Our features and comment coverage that grabbed your attention took in ESG, the bumps in plant-based and vertical farming, and changes at two of the world’s largest food groups.
Carbon neutral claims are under the cosh, so will the world’s major food brands continue to use them, asked David Burrows in June.
Nestlé’s plan to withdraw its Garden Gourmet meat-free and Wunda pea-milk brands in the UK and Ireland in March caused unease among proponents of plant-based alternatives.
US retailers are doing three big things they haven’t done in the past, which is putting pressure on manufacturer CPG brands, Just Food’s US columnist Victor Martino argued in April.
Back in January, Jens Kastner spoke to industry observers in China to see how they thought the end of Covid-19 restrictions could boost the country’s economy, although there were fears a surge in infections could affect demand and hit supply chains.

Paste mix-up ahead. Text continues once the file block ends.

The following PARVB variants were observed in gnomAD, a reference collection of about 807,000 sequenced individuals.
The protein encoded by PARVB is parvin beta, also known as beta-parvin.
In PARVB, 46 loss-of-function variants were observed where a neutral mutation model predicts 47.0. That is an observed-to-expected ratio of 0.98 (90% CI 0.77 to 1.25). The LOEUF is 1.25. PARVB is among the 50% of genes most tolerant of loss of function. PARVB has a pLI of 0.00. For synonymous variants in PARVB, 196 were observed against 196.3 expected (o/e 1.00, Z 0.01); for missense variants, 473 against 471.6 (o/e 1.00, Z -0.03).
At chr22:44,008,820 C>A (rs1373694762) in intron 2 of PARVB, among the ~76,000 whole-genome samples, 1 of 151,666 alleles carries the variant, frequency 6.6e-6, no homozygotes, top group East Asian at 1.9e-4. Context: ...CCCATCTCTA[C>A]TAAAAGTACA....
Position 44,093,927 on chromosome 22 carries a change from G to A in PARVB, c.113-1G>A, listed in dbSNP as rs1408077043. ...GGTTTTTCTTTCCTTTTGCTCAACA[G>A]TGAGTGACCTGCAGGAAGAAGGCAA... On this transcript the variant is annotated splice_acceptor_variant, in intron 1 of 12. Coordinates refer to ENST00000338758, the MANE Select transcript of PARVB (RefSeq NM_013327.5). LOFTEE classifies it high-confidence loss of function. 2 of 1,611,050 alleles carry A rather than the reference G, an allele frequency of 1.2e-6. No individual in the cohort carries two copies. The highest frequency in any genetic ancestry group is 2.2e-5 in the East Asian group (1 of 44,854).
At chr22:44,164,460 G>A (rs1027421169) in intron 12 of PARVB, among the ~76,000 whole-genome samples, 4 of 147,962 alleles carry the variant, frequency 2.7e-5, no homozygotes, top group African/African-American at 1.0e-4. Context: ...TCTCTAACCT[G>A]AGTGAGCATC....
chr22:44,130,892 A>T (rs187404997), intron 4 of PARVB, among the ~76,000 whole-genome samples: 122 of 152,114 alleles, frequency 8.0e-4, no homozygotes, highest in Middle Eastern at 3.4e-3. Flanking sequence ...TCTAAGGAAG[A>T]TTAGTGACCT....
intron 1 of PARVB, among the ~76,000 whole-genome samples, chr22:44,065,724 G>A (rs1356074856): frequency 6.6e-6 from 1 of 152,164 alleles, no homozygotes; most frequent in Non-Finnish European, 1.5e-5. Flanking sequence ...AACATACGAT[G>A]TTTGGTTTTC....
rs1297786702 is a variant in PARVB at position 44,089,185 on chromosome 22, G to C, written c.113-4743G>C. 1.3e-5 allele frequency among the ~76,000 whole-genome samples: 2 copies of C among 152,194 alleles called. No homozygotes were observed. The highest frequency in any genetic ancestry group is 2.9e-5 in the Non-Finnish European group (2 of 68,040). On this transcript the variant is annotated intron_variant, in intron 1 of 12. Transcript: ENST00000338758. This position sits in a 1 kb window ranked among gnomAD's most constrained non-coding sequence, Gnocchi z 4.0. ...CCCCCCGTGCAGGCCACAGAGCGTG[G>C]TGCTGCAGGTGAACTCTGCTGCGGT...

In June, Jessica Broadbent looked at the prospects for vertical farms as soaring energy prices contributed to a number of them shutting up shop.
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Federal Trade Commission chair Lina Khan has expressed scepticism about some past grocery mega-mergers, which could put the Kroger-Albertsons deal in jeopardy, Just Food’s Victor Martino wrote in September.
In April, Monde Nissin took an impairment charge of more than $350m on its meat-alternatives business, further evidence the category is under pressure globally.
When newly-appointed Unilever CEO Hein Schumacher takes up the role in July, he will have some big decisions to make, Andy Coyne wrote in the early weeks of the year.
Weather problems affected UK salad supplies in the opening quarter but, as Andy explored, there are more structural issues at play.
In August, Miguel Patricio said he would step down from his role as Kraft Heinz CEO. At the time, Dean Best argued Patricio had put the US food giant on more of an even keel in his four years at the helm.